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Victor Bear v. Michael J. Astrue

June 30, 2011


The opinion of the court was delivered by: Honorable Jacqueline Chooljian United States Magistrate Judge



On December 7, 2010, plaintiff Victor Bear ("plaintiff") filed a Complaint seeking review of the Commissioner of Social Security's denial of plaintiff's application for benefits. The parties have consented to proceed before a United States Magistrate Judge.

This matter is before the Court on the parties' cross motions for summary judgment, respectively ("Plaintiff's Motion") and ("Defendant's Motion"). The Court has taken both motions under submission without oral argument. See Fed. R. Civ. P. 78; L.R. 7-15; January 31, 2011 Case Management Order, ¶ 5.

Based on the record as a whole and the applicable law, and for the reasons discussed below, the decision of the Commissioner is REVERSED AND REMANDED for immediate payment of benefits.

II. BACKGROUND AND SUMMARY OF ADMINISTRATIVE DECISION On May 3, 2004, plaintiff filed an application for Disability Insurance

Benefits. (Administrative Record ("AR") 52-54). Plaintiff asserted that he became disabled on February 28, 2003, due to "[s]houlder/wrists and left knee injury." (AR 52, 57). The ALJ examined the medical record and heard testimony from plaintiff (who was represented by counsel), a medical expert and a vocational expert on April 5, 2006 ("Pre-Remand Hearing"). (AR 329-55).

On July 27, 2006, the ALJ determined that plaintiff was not disabled through the date of the decision ("Pre-Remand Decision"). (AR 13-14). The Appeals Council denied plaintiff's application for review of the Pre-Remand Decision. (AR 5).

On March 24, 2008, in Case No. SACV 07-33 JC, a judgment was entered in the United States District Court for the Central District of California, reversing and remanding the case for further proceedings because the ALJ improperly disregarded testimony plaintiff gave at the Pre-Remand hearing regarding plaintiff's subjective symptoms (i.e., pain) ("2008 Remand Order"). (AR 458-61). The Appeals Council, in turn, remanded the case for a new hearing. (AR 446). On April 8, 2009, the ALJ held a supplemental hearing ("Post-Remand Hearing") during which the ALJ heard additional testimony from plaintiff, as well as testimony from the same medical and vocational experts who testified at the PreRemand Hearing. (AR 691). During the Post-Remand Hearing, plaintiff amended his application to allege only a closed period of disability from February 28, 2003 through March 30, 2008 ("closed period of disability"). (AR 368, 712-13).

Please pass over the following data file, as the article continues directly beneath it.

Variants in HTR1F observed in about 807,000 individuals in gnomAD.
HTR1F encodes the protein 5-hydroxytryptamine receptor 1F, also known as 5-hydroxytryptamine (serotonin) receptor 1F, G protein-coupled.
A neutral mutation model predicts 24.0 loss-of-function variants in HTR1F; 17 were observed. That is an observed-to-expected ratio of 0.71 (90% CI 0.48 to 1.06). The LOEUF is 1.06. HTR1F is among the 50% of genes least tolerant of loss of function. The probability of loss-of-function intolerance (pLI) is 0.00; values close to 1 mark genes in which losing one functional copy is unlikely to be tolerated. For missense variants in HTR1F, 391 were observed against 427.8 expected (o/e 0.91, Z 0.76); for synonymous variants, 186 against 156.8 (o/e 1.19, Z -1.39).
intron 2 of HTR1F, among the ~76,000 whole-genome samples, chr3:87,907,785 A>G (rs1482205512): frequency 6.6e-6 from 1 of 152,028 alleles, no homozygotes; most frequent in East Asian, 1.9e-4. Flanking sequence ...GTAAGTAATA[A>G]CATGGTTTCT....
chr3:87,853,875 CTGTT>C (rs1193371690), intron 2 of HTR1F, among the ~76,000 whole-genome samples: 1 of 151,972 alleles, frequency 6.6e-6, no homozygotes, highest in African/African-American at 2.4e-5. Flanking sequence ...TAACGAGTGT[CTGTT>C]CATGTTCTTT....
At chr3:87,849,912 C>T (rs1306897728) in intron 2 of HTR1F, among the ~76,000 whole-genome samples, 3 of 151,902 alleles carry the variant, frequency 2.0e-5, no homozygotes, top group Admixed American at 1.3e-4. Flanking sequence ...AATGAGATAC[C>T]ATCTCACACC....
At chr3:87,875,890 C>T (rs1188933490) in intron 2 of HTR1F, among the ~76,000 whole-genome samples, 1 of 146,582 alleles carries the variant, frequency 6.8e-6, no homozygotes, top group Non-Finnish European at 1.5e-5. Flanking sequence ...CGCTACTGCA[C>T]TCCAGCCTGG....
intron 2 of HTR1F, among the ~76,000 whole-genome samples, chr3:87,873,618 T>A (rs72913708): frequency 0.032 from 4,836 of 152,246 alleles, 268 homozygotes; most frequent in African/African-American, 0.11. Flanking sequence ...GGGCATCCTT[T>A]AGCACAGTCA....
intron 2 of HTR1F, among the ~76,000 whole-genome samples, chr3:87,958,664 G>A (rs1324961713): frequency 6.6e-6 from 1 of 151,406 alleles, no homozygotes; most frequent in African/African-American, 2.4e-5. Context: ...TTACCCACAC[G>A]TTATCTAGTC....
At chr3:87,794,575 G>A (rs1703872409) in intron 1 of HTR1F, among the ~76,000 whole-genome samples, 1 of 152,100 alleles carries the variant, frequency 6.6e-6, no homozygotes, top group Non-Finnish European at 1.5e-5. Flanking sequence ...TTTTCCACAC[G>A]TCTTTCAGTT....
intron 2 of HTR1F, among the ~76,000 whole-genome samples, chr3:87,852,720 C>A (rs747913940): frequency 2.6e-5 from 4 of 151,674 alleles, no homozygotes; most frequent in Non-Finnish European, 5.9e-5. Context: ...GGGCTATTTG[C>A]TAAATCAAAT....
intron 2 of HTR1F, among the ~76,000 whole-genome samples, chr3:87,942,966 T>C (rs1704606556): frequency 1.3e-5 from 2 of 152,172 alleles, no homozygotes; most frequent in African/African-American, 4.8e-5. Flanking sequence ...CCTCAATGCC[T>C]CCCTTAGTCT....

On August 25, 2009, the ALJ issued another decision ("Post-Remand Decision"), incorporating by reference the Pre-Remand Decision, and supplementing such decision. (AR 368). The ALJ determined that plaintiff was not disabled for the alleged closed period of disability. (AR 379). Specifically, the ALJ found that for the closed period of disability (i.e., February 28, 2003 through March 30, 2008): (1) plaintiff suffered from the following severe impairments: left knee impairment (condomalaysya and early degenerative changes)/status post-surgical repair in 1997; right carpal tunnel syndrome/median nerve damage/possible ulnar nerve impairment; right shoulder impingement with some osteoarthritis; and disorder of the cervical and lumbar spine (AR 371); (2) plaintiff's impairments, considered singly or in combination, did not meet or medically equal one of the listed impairments (AR 371); (3) plaintiff retained the residual functional capacity to perform light work (20 C.F.R. §§ 404.1567(b)) with significant additional limitations (AR 372); (4) plaintiff could not perform his *fn1 past relevant work (AR 377); (5) there are jobs that exist in significant numbers in the national economy that plaintiff could perform, specifically Cashier II, Information Clerk, Dowel Inspector, and Call Out Operator (AR 378); and (6) plaintiff's allegation the he was unable to perform any type of work during the closed period of disability was less than fully credible (AR 377).

The Appeals Council again denied review. (AR 356).


A. Sequential Evaluation Process

To qualify for disability benefits, a claimant must show that he is unable to engage in any substantial gainful activity by reason of a medically determinable physical or mental impairment which can be expected to result in death or which has lasted or can be expected to last for a continuous period of at least twelve months. Burch v. Barnhart, 400 F.3d 676, 679 (9th Cir. 2005) (citing 42 U.S.C. § 423(d)(1)(A)). The impairment must render the claimant incapable of performing the work claimant previously performed and incapable of performing any other substantial gainful employment that exists in the national economy. Tackett v. Apfel, 180 F.3d 1094, 1098 (9th Cir. 1999) (citing 42 U.S.C. § 423(d)(2)(A)).

In assessing whether a claimant is disabled, an ALJ is to follow a five-step sequential evaluation process:

(1) Is the claimant presently engaged in substantial gainful activity? If so, the claimant is not disabled. If not, proceed to step two.

(2) Is the claimant's alleged impairment sufficiently severe to limit claimant's ability to work? If not, the claimant is not ...

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